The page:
What, then, is the plan all about? Likely, it's about Republicans like Bachmann taking Obama's bait, criticizing the plan as "socialism," and looking more ridiculous than he looked for suggesting it. And it's about Obama getting points for trying.
Journalists shouldn't help Obama or Bachmann by perpetuating vagueness that allows the spin to sneak in and that causes readers to think that we're part of the problem.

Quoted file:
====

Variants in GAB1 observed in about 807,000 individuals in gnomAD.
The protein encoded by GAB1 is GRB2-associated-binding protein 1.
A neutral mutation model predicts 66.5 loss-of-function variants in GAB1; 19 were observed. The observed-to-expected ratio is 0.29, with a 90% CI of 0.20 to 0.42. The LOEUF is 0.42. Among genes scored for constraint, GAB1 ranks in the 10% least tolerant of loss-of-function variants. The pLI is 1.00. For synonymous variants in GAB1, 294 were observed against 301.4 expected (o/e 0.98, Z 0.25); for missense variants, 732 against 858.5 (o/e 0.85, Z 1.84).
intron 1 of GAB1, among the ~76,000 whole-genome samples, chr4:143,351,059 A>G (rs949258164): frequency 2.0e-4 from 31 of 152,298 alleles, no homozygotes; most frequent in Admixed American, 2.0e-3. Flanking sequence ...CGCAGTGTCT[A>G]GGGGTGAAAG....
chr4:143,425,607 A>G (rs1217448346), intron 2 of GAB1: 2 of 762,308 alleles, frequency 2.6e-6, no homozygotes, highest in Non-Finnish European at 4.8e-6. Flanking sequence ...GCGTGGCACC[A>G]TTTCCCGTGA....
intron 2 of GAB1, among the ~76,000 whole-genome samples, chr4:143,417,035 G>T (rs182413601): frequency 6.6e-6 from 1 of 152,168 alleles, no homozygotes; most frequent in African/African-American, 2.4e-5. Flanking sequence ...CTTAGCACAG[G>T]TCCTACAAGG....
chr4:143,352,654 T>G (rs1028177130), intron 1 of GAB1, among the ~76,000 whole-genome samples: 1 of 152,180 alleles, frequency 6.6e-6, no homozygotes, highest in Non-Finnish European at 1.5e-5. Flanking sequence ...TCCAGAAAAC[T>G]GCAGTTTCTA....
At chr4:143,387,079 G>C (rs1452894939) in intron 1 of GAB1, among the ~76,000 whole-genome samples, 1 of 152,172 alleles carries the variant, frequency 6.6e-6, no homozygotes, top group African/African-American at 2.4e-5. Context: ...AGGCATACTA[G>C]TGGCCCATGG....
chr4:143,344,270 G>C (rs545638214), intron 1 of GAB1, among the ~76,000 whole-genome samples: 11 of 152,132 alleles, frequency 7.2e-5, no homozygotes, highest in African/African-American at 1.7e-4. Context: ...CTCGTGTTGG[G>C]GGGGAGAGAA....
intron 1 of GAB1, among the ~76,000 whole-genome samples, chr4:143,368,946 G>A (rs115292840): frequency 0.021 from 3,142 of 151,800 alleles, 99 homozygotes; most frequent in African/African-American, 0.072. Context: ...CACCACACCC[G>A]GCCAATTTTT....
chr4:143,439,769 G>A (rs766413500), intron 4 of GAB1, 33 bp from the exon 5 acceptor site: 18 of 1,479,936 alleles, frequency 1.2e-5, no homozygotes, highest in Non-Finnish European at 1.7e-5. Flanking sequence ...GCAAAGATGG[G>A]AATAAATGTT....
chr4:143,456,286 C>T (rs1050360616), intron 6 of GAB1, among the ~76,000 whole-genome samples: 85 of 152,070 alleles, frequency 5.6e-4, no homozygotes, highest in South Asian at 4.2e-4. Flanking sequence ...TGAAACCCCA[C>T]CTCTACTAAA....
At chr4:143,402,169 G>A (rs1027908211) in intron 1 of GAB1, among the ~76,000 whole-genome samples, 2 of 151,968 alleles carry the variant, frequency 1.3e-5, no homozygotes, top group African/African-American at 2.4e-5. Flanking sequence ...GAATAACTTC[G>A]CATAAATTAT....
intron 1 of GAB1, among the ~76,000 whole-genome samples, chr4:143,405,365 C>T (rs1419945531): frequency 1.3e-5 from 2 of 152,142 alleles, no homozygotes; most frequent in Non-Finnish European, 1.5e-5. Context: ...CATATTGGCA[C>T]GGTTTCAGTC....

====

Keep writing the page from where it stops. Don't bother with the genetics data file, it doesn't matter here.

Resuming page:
Devin Harner is an assistant professor of English at John Jay College of Criminal Justice/City University of New York where he teaches journalism, film, and contemporary literature. His recent scholarly work has included essays on Chuck Palahniuk's non-fiction; on the film Adaptation's relationship to Susan Orlean's, "The Orchid Thief;" and on virtual time travel through YouTube. He is currently at work on a piece that treats Buddhist philosophy in Richard Kelly's film, "Donnie Darko."